According to Dr. Vera Fahlberg, there are about three development stages that children go through, while their placement. The stages include protest to their separation, depression and sometimes becoming detached to the new family. The foster parent is obligated to clarify and confirm expectations of the adopted child in order to avoid misunderstandings or false hopes. Toddlers are sensitive to nonverbal communication. Any resistance to their transfer by foster parents can be detrimental in a child’s feelings. It is important to build a close and positive communication between foster and adoptive family before transfer. A child should control the pace of his interaction with adoptive parents in order to earn their trust. Familiarizing the child to an adoptive home is normally done through nonverbal communication skills like bringing the child toys and later withdraw them during visits. Withdrawal of the toys to place them in an adoptive home is meant to create a familiar environment on their visit home. The visits are vital in learning the child’s routine, which ought to be maintained to avoid effects of loss and grief. Younger children are more sensitive than adolescents or young adults; hence there is a need for the new family to observe the adopted child’s daily routine in order to develop his or her sensory experiences. Environmental changes emanate from placement lead to regression of the child in their routine. Adoptive family ought to understand and cooperate to help them regain their routine with time. Continued visits by foster parents are necessary for assuring the child’s safety, hence easy to adjust in the new family. During the visits, foster parents hand over the child’s routine to the adoptive parents. Post placement period requires other children to pay visits to the child in order to reduce the feeling of guilt by the foster parent.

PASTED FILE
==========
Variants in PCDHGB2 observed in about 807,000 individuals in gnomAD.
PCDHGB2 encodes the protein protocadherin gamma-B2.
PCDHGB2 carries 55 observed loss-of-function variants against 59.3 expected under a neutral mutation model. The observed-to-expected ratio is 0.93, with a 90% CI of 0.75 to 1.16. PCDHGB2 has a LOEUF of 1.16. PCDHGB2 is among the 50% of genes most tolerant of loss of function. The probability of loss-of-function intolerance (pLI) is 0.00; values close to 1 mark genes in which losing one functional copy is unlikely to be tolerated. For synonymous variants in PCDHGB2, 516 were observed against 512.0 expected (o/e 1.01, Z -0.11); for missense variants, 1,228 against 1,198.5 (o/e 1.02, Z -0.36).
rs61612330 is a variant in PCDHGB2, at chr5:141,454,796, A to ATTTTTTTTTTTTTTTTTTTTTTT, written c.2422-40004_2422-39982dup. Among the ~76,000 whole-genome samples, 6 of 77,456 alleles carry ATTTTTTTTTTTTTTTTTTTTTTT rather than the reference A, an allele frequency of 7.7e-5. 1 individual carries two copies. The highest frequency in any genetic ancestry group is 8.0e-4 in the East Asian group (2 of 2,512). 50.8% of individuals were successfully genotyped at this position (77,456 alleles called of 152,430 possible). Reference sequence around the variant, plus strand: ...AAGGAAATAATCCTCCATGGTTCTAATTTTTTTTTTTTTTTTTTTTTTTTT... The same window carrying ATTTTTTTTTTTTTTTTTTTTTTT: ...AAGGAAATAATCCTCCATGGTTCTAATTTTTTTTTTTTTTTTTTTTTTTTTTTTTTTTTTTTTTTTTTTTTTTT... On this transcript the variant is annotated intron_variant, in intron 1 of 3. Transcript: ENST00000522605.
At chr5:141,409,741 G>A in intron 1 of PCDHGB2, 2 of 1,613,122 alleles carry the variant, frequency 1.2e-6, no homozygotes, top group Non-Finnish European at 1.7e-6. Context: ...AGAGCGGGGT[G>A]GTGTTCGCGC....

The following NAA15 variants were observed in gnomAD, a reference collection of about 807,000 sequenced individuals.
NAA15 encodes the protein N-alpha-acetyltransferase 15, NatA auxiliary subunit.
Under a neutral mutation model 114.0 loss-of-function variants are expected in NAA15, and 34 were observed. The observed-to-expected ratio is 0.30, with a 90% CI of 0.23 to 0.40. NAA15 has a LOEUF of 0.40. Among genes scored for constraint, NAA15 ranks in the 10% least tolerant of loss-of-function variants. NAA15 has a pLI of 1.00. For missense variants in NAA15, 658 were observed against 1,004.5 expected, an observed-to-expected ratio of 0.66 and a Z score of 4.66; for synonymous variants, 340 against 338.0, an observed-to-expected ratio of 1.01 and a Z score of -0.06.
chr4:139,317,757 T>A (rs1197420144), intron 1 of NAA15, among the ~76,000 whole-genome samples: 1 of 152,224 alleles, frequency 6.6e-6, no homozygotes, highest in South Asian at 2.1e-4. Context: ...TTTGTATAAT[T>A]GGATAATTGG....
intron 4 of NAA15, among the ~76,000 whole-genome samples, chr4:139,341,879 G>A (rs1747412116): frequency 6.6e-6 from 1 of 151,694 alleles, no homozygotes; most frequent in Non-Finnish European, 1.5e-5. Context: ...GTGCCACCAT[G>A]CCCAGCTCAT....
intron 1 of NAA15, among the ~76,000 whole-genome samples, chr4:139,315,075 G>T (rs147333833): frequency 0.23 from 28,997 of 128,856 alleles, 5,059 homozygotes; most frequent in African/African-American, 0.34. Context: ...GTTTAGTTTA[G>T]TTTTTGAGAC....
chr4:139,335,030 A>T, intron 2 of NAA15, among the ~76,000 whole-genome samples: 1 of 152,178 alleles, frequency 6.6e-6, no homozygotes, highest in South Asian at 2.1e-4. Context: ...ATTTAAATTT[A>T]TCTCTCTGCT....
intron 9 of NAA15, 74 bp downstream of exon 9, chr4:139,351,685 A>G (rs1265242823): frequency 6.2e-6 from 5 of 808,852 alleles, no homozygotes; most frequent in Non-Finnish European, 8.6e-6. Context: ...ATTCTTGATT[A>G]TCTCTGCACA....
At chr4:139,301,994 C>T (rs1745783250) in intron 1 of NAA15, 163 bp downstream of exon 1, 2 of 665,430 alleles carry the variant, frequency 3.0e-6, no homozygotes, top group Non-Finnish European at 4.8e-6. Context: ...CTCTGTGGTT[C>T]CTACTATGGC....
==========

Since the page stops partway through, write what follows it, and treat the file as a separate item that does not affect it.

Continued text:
Changing a child’s name is the subject of discussion, since it affects the child’s identity. Children of a sound age should participate in the decision-making process. In most cases, the surname is normally changed, as opposed to changing the first name. However, due to some reasons, the first name may be changed, especially in inter-country placement or adoption. This change may be caused by issues incurred in pronouncement of the name, peculiarity of the name that may make them unique or meaning of the name in the new culture (Fahlberg, 1991).